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Sunday, April 1, 1990

The Great 19th-Century Timber Heist Revisited

This article is based on a study prepared by T. J. Iijima while he was a Research Intern for the Political Economy Research Center (PERC), 502 South 19th Avenue, Suite 211, Bozeman, Montana 59715. Jane S. Shaw is a Senior Associate of PERC. The article was originally published as part of the PERC Viewpoints series.

In the second half of the 19th century, the timber industry cut down large stretches of native forest around the Great Lakes, leaving the land denuded and mills abandoned. Historians and, more recently, environmentalists have portrayed this episode as one of the worst environmental disasters of the 19th century. It has come to symbolize the view that capitalists will always destroy natural resources if they can make short-run profits by doing so.

However, the conventional wisdom about the Great Lakes timber harvest is incomplete. While it is legitimate to regret the logging of those trees, we should consider the reasons they were cut and the benefits that resulted. This article, based on the historical record, will make the following observations:

•       Given the vast stands of timber in the United States and the demand for lumber for construction, the harvests were economically sound.

•       The chief concern about the harvest at the time was that it would produce a “timber famine”—but this fear was based on poor understanding of economic forces. The nation was never in danger of running out of timber.

•       While the denuding of land is offensive to people today, to the people of the 19th century, turning forestland into farmland and providing lumber for construction were more impor-rant than the aesthetic condition of the land.

•       Most of the timberlands regrew over time, and some stands of virgin timber remain.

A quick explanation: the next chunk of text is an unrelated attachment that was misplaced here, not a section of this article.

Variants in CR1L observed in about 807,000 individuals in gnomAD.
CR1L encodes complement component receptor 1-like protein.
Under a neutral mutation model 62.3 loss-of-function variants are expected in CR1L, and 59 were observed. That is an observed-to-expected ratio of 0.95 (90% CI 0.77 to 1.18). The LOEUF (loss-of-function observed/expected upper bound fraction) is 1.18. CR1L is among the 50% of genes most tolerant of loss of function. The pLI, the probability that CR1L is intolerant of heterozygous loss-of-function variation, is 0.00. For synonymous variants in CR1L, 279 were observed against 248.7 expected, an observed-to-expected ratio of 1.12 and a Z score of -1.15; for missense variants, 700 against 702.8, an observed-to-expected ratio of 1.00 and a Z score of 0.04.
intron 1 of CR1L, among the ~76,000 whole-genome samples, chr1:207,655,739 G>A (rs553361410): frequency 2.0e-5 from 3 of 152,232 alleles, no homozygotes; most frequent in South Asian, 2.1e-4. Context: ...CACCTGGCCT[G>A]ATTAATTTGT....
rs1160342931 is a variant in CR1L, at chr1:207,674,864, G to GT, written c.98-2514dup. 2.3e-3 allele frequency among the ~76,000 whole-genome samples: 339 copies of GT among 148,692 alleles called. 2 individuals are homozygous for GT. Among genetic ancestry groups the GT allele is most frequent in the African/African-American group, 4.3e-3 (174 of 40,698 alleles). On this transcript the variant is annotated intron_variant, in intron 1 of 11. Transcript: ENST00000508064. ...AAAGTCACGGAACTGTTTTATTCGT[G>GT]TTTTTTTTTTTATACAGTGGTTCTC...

•       Society generally—and the Great Lakes region specifically—benefited from the harvests.

Did the Timber Barons Miscalculate?

A common theme of historians writing about the timber cuts of the upper Midwest is that the barons of the timber industry, perhaps reflecting the general opinion of the day, mistakenly thought that the Great Lakes timber would last forever. Andrew Rodgers, a historian of American forestry and plant sciences, is typical: “It was assumed that the continent’s forest resources were inexhaustible,” he writes. Robert Fries, in an award- winning book on Wisconsin’s economic history, states that “the very immensity of the forest[s] led most people to take them for granted, much as they did the sunshine and the air about them.”

But these claims about the dominant thinking at the time are overstated. Two economists, Ronald Johnson and Gary Libecap, have concluded that there was no serious indnstry-wide misinformation about the supply. Had there been a serious mis-judgment, they point out, prices would have gone up rapidly at the point that people recognized a pending shortage of timber. There never was a run-up in prices and there never was a shortage.

Johnson and Libecap examined stumpage prices (the prices of standing timber). Writing in the journal Explorations in Economic History, they reported that rates of return on timber investments were relatively constant through 1900; the rate of change in stumpage prices hovered around 6 percent per year or within approximately one percentage point of the prevailing yield on railroad bonds over that period of time. A look at the price of processed wood reveals a similar steady increase from 1789 to the 1930s.

The timber industry included savvy men who recognized the future value of the timber. This differs from their portrayal as reckless men who rushed into the prime timberlands, ravaged them, and quickly deserted them in search of more opportunities. For example, Philetus Sawyer, a lumber tycoon and U.S. Senator, started his fortune with wen-placed purchases of forestlands. Some of these he kept off the market for as much as a quarter- century. He profited because he went to the expense of investigating the quality of forestland and invested capital in trees whose value would not be realized for some time.